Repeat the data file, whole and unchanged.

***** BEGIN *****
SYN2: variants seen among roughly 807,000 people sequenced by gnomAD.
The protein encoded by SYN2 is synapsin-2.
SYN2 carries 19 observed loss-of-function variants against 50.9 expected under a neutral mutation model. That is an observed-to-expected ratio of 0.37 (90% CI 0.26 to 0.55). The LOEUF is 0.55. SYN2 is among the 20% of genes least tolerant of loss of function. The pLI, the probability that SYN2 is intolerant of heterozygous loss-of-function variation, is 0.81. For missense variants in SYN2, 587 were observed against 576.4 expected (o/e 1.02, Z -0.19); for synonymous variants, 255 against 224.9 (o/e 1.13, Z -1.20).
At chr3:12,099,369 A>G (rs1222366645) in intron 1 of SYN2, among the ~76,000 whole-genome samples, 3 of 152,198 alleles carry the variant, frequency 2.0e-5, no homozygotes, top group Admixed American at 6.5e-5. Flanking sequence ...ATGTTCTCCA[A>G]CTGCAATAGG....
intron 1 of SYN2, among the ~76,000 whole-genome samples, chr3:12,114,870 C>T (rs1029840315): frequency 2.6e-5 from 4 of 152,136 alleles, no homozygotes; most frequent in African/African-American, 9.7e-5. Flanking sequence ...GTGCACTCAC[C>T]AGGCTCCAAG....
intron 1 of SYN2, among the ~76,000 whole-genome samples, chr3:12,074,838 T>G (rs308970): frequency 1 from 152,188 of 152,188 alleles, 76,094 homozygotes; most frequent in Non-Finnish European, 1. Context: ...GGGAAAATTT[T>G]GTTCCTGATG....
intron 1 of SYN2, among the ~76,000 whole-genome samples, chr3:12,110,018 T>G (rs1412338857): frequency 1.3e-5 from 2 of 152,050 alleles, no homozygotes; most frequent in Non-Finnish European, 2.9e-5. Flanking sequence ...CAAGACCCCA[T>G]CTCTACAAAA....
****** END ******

SYN2: variants seen among roughly 807,000 people sequenced by gnomAD.
The protein encoded by SYN2 is synapsin-2.
SYN2 carries 19 observed loss-of-function variants against 50.9 expected under a neutral mutation model. That is an observed-to-expected ratio of 0.37 (90% CI 0.26 to 0.55). The LOEUF is 0.55. SYN2 is among the 20% of genes least tolerant of loss of function. The pLI, the probability that SYN2 is intolerant of heterozygous loss-of-function variation, is 0.81. For missense variants in SYN2, 587 were observed against 576.4 expected (o/e 1.02, Z -0.19); for synonymous variants, 255 against 224.9 (o/e 1.13, Z -1.20).
At chr3:12,099,369 A>G (rs1222366645) in intron 1 of SYN2, among the ~76,000 whole-genome samples, 3 of 152,198 alleles carry the variant, frequency 2.0e-5, no homozygotes, top group Admixed American at 6.5e-5. Flanking sequence ...ATGTTCTCCA[A>G]CTGCAATAGG....
intron 1 of SYN2, among the ~76,000 whole-genome samples, chr3:12,114,870 C>T (rs1029840315): frequency 2.6e-5 from 4 of 152,136 alleles, no homozygotes; most frequent in African/African-American, 9.7e-5. Flanking sequence ...GTGCACTCAC[C>T]AGGCTCCAAG....
intron 1 of SYN2, among the ~76,000 whole-genome samples, chr3:12,074,838 T>G (rs308970): frequency 1 from 152,188 of 152,188 alleles, 76,094 homozygotes; most frequent in Non-Finnish European, 1. Context: ...GGGAAAATTT[T>G]GTTCCTGATG....
intron 1 of SYN2, among the ~76,000 whole-genome samples, chr3:12,110,018 T>G (rs1412338857): frequency 1.3e-5 from 2 of 152,050 alleles, no homozygotes; most frequent in Non-Finnish European, 2.9e-5. Flanking sequence ...CAAGACCCCA[T>G]CTCTACAAAA....